Yet, despite pitiful yield and poor performance, demand for these trades continues. The obvious question is: “Why?”
You could call it a safe-haven trade. With all the market volatility these days, it’s nice to know you can lock in a certain yield for a guaranteed period of time.
Or, you could take it for what it is really worth — low interest rates are here to stay, and people are finally starting to figure it out.
Jeff Opdyke and I have been telling you for months that Janet Yellen and Co. at the Federal Reserve simply cannot raise interest rates by any significant amount.
Finally, it seems as if Wall Street is beginning to catch on.
Despite the fact that these Treasury yields are at glaringly low levels, investors are still plugging into them.
Of course, if you believed that a rate rise was coming, that wouldn’t make any sense — you’d be locking your yield in at a lower rate than you would get otherwise.
So, why are they doing it?
Simply put, the investment world is beginning to believe that nothing worthwhile is coming from the Fed.
The Federal Reserve is set to issue a press release Wednesday. If the Fed were to hint at an earlier rate rise or signal for higher rates than expected, yields on Treasurys would spike — leaving all the buyers today with significant losses.
Sure, if there was a reasonable expectation that the Fed would increase interest rates by any significant degree, it would be worth waiting before plugging into Treasurys.
With 30-year yields at all-time lows, and 10-year yields sub-2%, the only reason to get into these now would be if you weren’t expecting anything more than a marginal increase in rates.
And that’s exactly what’s happening.
There’s simply no point in waiting any longer to get into these trades, and people have figured that out. Now, Wall Street is singing to our tune: Low rates are here to stay.
That’s what’s going on, and here’s how you can play it…
Follow the Smart Money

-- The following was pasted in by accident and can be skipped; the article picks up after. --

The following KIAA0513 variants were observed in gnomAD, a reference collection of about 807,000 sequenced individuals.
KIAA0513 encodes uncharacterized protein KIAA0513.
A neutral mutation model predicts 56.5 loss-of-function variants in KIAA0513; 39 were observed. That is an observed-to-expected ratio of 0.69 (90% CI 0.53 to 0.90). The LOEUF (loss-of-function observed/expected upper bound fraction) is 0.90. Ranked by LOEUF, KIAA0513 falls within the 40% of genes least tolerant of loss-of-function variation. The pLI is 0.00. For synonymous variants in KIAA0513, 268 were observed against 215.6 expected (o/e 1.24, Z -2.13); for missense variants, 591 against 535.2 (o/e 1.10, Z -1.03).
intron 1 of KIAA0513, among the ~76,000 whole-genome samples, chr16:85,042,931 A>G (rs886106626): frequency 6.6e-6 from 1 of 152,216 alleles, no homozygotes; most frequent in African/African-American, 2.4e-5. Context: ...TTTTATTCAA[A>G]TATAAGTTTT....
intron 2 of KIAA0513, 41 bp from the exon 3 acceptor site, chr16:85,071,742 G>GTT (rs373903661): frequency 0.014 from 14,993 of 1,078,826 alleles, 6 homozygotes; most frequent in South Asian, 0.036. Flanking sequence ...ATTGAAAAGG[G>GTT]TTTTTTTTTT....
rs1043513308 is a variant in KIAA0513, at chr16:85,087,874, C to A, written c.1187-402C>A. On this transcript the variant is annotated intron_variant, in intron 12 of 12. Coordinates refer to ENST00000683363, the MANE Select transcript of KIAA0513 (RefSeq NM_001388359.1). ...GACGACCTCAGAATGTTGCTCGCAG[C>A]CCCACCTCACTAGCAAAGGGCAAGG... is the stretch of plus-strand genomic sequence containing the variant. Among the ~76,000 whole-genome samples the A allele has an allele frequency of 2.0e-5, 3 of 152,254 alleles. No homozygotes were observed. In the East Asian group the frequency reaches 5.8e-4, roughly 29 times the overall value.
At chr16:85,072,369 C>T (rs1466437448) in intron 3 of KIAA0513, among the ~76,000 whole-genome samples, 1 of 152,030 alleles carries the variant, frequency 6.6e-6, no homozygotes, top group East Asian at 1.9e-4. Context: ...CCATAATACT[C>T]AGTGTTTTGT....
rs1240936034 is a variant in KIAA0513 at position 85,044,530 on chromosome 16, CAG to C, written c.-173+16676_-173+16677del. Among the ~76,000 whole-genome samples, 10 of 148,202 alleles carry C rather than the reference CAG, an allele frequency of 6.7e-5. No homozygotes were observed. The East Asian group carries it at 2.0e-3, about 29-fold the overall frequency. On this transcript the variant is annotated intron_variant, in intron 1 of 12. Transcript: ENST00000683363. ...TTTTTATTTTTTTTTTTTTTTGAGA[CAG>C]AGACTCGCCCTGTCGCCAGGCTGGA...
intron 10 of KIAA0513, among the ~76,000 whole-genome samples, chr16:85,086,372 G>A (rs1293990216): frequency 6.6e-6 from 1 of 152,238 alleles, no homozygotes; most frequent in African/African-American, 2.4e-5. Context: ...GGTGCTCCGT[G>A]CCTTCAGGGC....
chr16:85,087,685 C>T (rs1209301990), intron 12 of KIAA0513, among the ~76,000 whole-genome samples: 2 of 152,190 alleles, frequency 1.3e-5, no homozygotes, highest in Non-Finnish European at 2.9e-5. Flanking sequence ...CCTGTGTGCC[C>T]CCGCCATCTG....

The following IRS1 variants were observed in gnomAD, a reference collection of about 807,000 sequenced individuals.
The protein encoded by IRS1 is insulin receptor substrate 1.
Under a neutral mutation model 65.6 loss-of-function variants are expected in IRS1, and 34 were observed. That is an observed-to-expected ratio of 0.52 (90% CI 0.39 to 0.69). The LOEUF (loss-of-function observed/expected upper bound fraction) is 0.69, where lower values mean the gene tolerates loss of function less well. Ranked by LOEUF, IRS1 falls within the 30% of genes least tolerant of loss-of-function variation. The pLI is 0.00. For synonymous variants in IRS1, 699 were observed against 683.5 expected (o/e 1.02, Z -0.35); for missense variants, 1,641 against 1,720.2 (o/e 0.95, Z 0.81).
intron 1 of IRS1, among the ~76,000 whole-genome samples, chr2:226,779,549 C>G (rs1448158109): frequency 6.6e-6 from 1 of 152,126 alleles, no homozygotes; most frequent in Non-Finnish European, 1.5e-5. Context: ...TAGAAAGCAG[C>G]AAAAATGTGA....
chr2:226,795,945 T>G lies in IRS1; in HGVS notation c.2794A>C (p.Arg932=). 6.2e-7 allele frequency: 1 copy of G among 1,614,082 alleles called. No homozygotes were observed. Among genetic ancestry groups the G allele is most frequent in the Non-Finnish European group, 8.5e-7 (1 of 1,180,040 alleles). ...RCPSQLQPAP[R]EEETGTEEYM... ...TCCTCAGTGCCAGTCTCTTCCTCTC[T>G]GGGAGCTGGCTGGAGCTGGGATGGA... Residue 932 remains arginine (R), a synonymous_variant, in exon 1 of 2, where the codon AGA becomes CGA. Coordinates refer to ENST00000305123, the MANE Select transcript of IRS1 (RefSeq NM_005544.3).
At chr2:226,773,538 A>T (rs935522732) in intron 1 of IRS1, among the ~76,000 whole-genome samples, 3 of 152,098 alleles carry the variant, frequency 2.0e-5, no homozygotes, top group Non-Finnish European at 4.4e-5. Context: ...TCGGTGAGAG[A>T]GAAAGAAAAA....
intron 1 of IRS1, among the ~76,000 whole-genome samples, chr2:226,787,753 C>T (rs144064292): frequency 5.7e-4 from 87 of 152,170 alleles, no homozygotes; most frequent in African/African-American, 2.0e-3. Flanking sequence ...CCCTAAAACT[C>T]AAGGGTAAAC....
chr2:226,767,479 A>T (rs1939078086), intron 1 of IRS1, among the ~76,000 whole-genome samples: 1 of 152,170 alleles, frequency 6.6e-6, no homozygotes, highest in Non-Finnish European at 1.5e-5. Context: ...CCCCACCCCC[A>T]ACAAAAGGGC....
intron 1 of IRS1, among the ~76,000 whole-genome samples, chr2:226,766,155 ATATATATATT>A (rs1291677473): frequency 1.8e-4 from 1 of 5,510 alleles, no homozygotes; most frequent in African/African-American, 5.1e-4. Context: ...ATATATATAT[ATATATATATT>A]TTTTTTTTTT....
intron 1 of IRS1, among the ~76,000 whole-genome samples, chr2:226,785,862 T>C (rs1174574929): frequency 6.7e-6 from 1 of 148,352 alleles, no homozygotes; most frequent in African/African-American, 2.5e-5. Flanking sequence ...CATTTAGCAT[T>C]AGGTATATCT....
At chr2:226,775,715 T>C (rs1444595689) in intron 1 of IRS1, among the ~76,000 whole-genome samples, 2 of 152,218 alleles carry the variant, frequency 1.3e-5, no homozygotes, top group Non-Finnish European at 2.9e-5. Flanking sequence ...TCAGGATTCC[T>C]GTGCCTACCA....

Throughout the second half of last year, I was cautious about adding interest-rate sensitive investments. They are vulnerable to moves by the Fed, and while I expected the Fed to keep rates low, my worries were over knee-jerk reactions from Wall Street.
That’s why back in October I told you to stay away from high-yield stocks. Since then, many stocks in the high-yield sector have tanked more than 10%, with the broader ETFs down slightly.
But today, I think it’s a good time to get back in.
With Wall Street coming to grips over a lower interest rate period for an extended time, it’s time to lock in high yields from their go-to dividend sector: REITs.
REITs have been the golden child in the era of low interest rates.
As I wrote in a recent article, U.S. REITs have risen by more than 300% since the market bottomed in 2009. But they have taken a breather lately, partly from expectation of rising rates.
But now that Wall Street has figured out not to expect much from the interest-rate hike, I believe this is our opportunity to lock in a significant yield before all of the smart money pours in.
Play to the Market’s Response
One of my favorites in the sector is American Capital Agency (Nasdaq: AGNC).
The company invests in residential mortgages for which the principal and interest are guaranteed by either a U.S. government sponsored business or by a U.S. government agency. This significantly reduces the default risk of its loans, but the company still utilizes hedges to take advantage of market swings in interest rate spreads.
While the business model looks solid, it’s the yield that has put American Capital Agency high on my radar.
It is currently dishing out a 12% yield in the form of monthly dividend checks. So each month, you would receive a 1% yield without the price of the shares moving at all.
Considering we are entering a period of low rates for a long time, that’s not a bad deal.
You need a dividend payment of this size to help balance out your portfolio from the volatility in the market.
Not to mention, the REIT will see strong inflows from investors that will send its price even higher as the reality of low rates sinks in.
Either way, if you’re going to go with an investment that is backed by the U.S. government, why not lock in a substantial yield like American Capital with 12%, rather than settle for the sub-2% yields our government’s Treasurys are fetching today?
Editor, Pure Income